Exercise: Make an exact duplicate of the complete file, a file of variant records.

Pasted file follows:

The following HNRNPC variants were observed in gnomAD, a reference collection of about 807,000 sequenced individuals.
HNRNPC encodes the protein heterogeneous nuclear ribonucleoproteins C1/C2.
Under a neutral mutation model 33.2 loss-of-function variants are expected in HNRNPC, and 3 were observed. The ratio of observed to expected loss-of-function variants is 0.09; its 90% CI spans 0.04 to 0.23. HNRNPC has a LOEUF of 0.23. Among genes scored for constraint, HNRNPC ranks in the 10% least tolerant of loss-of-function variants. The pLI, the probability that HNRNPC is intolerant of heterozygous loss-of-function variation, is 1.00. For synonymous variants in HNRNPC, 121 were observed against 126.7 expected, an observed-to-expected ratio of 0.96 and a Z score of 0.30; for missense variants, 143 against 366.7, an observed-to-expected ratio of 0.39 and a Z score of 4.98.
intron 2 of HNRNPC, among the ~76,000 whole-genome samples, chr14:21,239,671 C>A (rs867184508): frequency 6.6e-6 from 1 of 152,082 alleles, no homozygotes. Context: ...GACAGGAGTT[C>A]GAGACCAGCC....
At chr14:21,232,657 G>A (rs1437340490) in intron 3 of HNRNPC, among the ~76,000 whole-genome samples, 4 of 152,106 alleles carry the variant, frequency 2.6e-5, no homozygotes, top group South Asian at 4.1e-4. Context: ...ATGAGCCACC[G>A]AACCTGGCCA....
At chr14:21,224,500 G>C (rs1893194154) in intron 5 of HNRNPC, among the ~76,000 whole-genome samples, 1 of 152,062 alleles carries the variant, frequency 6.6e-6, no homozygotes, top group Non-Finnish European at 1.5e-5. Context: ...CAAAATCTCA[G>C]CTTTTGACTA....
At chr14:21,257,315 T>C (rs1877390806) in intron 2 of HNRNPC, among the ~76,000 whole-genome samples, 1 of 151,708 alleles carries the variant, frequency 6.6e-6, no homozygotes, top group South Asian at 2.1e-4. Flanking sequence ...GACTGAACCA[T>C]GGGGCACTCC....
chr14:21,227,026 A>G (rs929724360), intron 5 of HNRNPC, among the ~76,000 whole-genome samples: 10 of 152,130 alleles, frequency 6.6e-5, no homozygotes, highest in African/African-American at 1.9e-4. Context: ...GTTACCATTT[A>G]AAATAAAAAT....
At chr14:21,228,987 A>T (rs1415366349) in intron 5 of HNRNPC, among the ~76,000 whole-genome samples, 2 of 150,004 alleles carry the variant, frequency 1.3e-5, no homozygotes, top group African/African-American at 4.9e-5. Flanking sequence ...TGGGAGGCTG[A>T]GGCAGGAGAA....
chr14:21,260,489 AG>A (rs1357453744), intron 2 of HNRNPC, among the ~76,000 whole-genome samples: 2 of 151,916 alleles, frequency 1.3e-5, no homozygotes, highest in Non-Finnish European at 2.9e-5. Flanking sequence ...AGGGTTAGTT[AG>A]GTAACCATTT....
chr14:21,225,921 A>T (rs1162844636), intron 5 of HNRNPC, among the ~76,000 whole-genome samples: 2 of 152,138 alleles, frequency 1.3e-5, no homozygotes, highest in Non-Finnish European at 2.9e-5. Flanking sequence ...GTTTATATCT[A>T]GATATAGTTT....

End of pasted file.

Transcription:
The following HNRNPC variants were observed in gnomAD, a reference collection of about 807,000 sequenced individuals.
HNRNPC encodes the protein heterogeneous nuclear ribonucleoproteins C1/C2.
Under a neutral mutation model 33.2 loss-of-function variants are expected in HNRNPC, and 3 were observed. The ratio of observed to expected loss-of-function variants is 0.09; its 90% CI spans 0.04 to 0.23. HNRNPC has a LOEUF of 0.23. Among genes scored for constraint, HNRNPC ranks in the 10% least tolerant of loss-of-function variants. The pLI, the probability that HNRNPC is intolerant of heterozygous loss-of-function variation, is 1.00. For synonymous variants in HNRNPC, 121 were observed against 126.7 expected, an observed-to-expected ratio of 0.96 and a Z score of 0.30; for missense variants, 143 against 366.7, an observed-to-expected ratio of 0.39 and a Z score of 4.98.
intron 2 of HNRNPC, among the ~76,000 whole-genome samples, chr14:21,239,671 C>A (rs867184508): frequency 6.6e-6 from 1 of 152,082 alleles, no homozygotes. Context: ...GACAGGAGTT[C>A]GAGACCAGCC....
At chr14:21,232,657 G>A (rs1437340490) in intron 3 of HNRNPC, among the ~76,000 whole-genome samples, 4 of 152,106 alleles carry the variant, frequency 2.6e-5, no homozygotes, top group South Asian at 4.1e-4. Context: ...ATGAGCCACC[G>A]AACCTGGCCA....
At chr14:21,224,500 G>C (rs1893194154) in intron 5 of HNRNPC, among the ~76,000 whole-genome samples, 1 of 152,062 alleles carries the variant, frequency 6.6e-6, no homozygotes, top group Non-Finnish European at 1.5e-5. Context: ...CAAAATCTCA[G>C]CTTTTGACTA....
At chr14:21,257,315 T>C (rs1877390806) in intron 2 of HNRNPC, among the ~76,000 whole-genome samples, 1 of 151,708 alleles carries the variant, frequency 6.6e-6, no homozygotes, top group South Asian at 2.1e-4. Flanking sequence ...GACTGAACCA[T>C]GGGGCACTCC....
chr14:21,227,026 A>G (rs929724360), intron 5 of HNRNPC, among the ~76,000 whole-genome samples: 10 of 152,130 alleles, frequency 6.6e-5, no homozygotes, highest in African/African-American at 1.9e-4. Context: ...GTTACCATTT[A>G]AAATAAAAAT....
At chr14:21,228,987 A>T (rs1415366349) in intron 5 of HNRNPC, among the ~76,000 whole-genome samples, 2 of 150,004 alleles carry the variant, frequency 1.3e-5, no homozygotes, top group African/African-American at 4.9e-5. Flanking sequence ...TGGGAGGCTG[A>T]GGCAGGAGAA....
chr14:21,260,489 AG>A (rs1357453744), intron 2 of HNRNPC, among the ~76,000 whole-genome samples: 2 of 151,916 alleles, frequency 1.3e-5, no homozygotes, highest in Non-Finnish European at 2.9e-5. Flanking sequence ...AGGGTTAGTT[AG>A]GTAACCATTT....
chr14:21,225,921 A>T (rs1162844636), intron 5 of HNRNPC, among the ~76,000 whole-genome samples: 2 of 152,138 alleles, frequency 1.3e-5, no homozygotes, highest in Non-Finnish European at 2.9e-5. Flanking sequence ...GTTTATATCT[A>T]GATATAGTTT....